Publication Date (New) 22nd Feb 2018 from Gollancz
Renata Ghali believed in Lee Suh-Mi’s vision of a world far beyond Earth, calling to humanity. A planet promising to reveal the truth about our place in the cosmos, untainted by overpopulation, pollution, and war. Ren believed in that vision enough to give up everything to follow Suh-Mi into the unknown.
More than twenty-two years have passed since Ren and the rest of the faithful braved the starry abyss and established a colony at the base of an enigmatic alien structure where Suh-Mi has since resided, alone. All that time, Ren has worked hard as the colony’s 3-D printer engineer, creating the tools necessary for human survival in an alien environment, and harboring a devastating secret.
Ren continues to perpetuate the lie forming the foundation of the colony for the good of her fellow colonists, despite the personal cost. Then a stranger appears, far too young to have been part of the first planetfall, a man who bears a remarkable resemblance to Suh-Mi.
The truth Ren has concealed since planetfall can no longer be hidden. And its revelation might tear the colony apart…
Prior to reading “Planetfall” I’d heard it described as intelligent science fiction – having finished it I think that is probably the best way of putting it. Planetfall is at it’s very heart a character study examining the human condition – the fact that it is set on an alien planet just brings that home rather than setting it apart – in a beautifully emotional prose Emma Newman shows what happens when a community is both brought together and ripped apart.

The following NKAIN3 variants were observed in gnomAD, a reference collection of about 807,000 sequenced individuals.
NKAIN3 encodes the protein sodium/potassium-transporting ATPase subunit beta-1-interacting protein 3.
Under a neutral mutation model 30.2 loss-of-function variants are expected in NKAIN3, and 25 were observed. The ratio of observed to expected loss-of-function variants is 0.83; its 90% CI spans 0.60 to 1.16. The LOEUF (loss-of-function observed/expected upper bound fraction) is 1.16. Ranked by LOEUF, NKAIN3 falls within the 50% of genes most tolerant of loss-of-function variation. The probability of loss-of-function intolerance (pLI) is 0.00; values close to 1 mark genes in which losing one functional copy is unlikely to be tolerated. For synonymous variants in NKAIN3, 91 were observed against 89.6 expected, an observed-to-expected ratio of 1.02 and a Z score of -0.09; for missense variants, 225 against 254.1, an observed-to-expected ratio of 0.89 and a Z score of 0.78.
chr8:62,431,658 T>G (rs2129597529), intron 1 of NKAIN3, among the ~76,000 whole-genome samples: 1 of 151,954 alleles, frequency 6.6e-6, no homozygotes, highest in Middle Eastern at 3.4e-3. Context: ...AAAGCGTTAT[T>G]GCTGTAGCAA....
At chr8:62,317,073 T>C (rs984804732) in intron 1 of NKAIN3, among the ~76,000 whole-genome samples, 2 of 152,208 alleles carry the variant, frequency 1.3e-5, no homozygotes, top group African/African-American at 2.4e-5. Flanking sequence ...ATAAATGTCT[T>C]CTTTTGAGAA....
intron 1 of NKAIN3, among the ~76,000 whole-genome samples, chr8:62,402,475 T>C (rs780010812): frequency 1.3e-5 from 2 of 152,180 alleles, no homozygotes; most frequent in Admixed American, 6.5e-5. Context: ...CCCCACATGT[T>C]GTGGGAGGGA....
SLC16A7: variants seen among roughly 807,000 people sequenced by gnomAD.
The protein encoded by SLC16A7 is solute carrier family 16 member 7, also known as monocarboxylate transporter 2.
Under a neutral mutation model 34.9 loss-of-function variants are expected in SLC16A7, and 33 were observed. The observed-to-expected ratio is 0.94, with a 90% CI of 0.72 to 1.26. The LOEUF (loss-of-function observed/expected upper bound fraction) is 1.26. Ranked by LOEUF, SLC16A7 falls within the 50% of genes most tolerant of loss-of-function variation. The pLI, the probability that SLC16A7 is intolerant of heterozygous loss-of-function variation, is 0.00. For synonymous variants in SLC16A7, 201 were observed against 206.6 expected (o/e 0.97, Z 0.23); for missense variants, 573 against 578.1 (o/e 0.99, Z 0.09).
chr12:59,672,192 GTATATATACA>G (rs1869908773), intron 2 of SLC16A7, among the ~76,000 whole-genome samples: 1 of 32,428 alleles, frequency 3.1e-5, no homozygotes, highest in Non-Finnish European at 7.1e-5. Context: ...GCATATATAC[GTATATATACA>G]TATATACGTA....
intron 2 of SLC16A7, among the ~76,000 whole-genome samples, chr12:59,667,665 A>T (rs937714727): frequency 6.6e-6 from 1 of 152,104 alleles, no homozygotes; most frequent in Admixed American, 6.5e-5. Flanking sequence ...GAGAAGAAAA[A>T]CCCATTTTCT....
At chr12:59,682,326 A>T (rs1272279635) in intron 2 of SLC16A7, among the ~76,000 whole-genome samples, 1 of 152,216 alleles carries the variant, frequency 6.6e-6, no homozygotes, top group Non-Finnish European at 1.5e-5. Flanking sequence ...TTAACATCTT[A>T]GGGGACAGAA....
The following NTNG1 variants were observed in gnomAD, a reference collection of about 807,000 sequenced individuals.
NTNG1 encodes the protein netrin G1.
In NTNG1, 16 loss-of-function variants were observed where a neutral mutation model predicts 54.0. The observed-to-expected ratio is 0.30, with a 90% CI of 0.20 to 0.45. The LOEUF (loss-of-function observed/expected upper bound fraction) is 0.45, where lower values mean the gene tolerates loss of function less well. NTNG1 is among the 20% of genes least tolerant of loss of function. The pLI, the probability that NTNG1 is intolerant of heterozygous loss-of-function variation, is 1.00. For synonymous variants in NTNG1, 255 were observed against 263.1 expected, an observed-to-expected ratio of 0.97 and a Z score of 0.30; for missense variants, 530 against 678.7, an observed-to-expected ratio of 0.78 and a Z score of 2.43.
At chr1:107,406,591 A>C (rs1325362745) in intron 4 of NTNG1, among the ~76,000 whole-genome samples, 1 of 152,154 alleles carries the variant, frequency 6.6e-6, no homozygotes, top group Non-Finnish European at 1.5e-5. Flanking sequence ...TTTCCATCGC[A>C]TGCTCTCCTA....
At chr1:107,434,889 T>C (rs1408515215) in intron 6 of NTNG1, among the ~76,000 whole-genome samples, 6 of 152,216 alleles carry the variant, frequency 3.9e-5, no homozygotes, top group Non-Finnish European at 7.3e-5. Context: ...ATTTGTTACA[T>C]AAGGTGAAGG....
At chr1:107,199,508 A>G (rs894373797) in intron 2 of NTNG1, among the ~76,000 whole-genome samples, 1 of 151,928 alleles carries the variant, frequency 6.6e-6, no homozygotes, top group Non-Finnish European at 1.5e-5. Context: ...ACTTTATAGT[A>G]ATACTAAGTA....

Ren is a purely fascinating character – she pops from the page, the secret she is hiding slowly coming out into the light from her inner darkness – having lived a lie for a long long time, a stranger holds the key to unlocking her painfully hidden secrets. Around that we get the story of an epic quest to find “God” and an often dreamlike narrative that tells the tale of humans reaching out for answers into an unknown universe.
I loved it, immersed myself in it and cried like a baby at the end – Planetfall has a dual sense of feeling to it – the very entertaining and clever imaginative side, plus the very very human side. Themes of religious fervour, mental illness, friendship and love all mixed up with ingenious world building and sense of place make Planetfall both a page turner and a thought provoking social study.
Beautifully written, masterfully plotted and with an ending to touch the soul, Planetfall comes highly recommended from me.